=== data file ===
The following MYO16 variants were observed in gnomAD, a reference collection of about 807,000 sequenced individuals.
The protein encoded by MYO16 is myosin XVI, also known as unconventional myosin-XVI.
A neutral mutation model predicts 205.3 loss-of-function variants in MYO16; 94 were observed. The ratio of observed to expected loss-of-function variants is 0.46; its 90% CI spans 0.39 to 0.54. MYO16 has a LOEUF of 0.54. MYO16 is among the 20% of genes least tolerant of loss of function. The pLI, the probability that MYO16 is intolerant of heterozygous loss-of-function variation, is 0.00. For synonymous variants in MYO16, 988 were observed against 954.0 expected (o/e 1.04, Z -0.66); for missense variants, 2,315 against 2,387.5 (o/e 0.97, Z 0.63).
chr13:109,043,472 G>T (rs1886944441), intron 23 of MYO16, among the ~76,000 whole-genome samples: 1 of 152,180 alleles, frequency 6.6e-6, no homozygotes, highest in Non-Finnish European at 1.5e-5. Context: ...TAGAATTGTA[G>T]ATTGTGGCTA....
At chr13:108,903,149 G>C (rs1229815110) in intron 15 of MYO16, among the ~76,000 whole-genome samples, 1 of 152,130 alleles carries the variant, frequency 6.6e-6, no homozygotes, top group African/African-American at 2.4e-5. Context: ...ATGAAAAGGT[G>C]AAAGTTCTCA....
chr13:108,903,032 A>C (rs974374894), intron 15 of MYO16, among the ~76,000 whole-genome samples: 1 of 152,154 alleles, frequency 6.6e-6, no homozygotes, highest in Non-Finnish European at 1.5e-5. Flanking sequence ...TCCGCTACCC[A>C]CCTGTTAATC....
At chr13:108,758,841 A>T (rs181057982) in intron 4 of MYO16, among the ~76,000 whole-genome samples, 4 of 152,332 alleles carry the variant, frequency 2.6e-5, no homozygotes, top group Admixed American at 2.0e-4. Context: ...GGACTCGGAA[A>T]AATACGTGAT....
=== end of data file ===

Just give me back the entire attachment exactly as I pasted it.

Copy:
The following MYO16 variants were observed in gnomAD, a reference collection of about 807,000 sequenced individuals.
The protein encoded by MYO16 is myosin XVI, also known as unconventional myosin-XVI.
A neutral mutation model predicts 205.3 loss-of-function variants in MYO16; 94 were observed. The ratio of observed to expected loss-of-function variants is 0.46; its 90% CI spans 0.39 to 0.54. MYO16 has a LOEUF of 0.54. MYO16 is among the 20% of genes least tolerant of loss of function. The pLI, the probability that MYO16 is intolerant of heterozygous loss-of-function variation, is 0.00. For synonymous variants in MYO16, 988 were observed against 954.0 expected (o/e 1.04, Z -0.66); for missense variants, 2,315 against 2,387.5 (o/e 0.97, Z 0.63).
chr13:109,043,472 G>T (rs1886944441), intron 23 of MYO16, among the ~76,000 whole-genome samples: 1 of 152,180 alleles, frequency 6.6e-6, no homozygotes, highest in Non-Finnish European at 1.5e-5. Context: ...TAGAATTGTA[G>T]ATTGTGGCTA....
At chr13:108,903,149 G>C (rs1229815110) in intron 15 of MYO16, among the ~76,000 whole-genome samples, 1 of 152,130 alleles carries the variant, frequency 6.6e-6, no homozygotes, top group African/African-American at 2.4e-5. Context: ...ATGAAAAGGT[G>C]AAAGTTCTCA....
chr13:108,903,032 A>C (rs974374894), intron 15 of MYO16, among the ~76,000 whole-genome samples: 1 of 152,154 alleles, frequency 6.6e-6, no homozygotes, highest in Non-Finnish European at 1.5e-5. Flanking sequence ...TCCGCTACCC[A>C]CCTGTTAATC....
At chr13:108,758,841 A>T (rs181057982) in intron 4 of MYO16, among the ~76,000 whole-genome samples, 4 of 152,332 alleles carry the variant, frequency 2.6e-5, no homozygotes, top group Admixed American at 2.0e-4. Context: ...GGACTCGGAA[A>T]AATACGTGAT....